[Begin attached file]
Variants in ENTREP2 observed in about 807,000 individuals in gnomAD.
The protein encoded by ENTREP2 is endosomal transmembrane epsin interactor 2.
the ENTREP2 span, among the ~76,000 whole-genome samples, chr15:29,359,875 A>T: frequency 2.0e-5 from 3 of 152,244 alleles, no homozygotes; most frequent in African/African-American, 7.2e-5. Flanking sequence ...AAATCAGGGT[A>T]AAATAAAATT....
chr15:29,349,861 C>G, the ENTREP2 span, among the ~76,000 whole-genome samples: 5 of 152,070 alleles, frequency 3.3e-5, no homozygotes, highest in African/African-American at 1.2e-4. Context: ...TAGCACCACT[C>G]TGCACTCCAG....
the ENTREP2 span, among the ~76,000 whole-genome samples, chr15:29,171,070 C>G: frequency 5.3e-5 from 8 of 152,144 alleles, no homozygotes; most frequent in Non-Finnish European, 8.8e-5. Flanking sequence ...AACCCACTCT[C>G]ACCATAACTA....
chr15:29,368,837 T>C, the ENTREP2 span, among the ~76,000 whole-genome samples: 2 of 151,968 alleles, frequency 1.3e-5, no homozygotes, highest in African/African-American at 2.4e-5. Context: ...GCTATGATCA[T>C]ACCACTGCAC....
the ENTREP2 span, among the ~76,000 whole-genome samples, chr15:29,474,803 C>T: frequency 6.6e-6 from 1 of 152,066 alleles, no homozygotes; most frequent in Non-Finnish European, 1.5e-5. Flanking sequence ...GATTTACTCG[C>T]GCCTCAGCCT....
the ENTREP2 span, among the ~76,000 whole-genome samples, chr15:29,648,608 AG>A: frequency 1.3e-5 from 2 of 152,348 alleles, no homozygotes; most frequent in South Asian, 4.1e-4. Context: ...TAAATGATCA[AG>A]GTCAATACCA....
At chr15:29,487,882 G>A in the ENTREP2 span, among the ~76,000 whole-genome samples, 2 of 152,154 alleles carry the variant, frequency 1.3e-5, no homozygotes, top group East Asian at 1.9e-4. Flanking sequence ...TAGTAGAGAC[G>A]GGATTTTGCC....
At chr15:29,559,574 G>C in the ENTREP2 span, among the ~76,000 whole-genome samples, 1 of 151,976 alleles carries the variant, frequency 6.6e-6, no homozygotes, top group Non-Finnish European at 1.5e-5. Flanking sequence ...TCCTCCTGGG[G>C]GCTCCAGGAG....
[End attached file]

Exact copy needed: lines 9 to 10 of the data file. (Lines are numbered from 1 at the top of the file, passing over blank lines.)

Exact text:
At chr15:29,487,882 G>A in the ENTREP2 span, among the ~76,000 whole-genome samples, 2 of 152,154 alleles carry the variant, frequency 1.3e-5, no homozygotes, top group East Asian at 1.9e-4. Flanking sequence ...TAGTAGAGAC[G>A]GGATTTTGCC....
At chr15:29,559,574 G>C in the ENTREP2 span, among the ~76,000 whole-genome samples, 1 of 151,976 alleles carries the variant, frequency 6.6e-6, no homozygotes, top group Non-Finnish European at 1.5e-5. Flanking sequence ...TCCTCCTGGG[G>C]GCTCCAGGAG....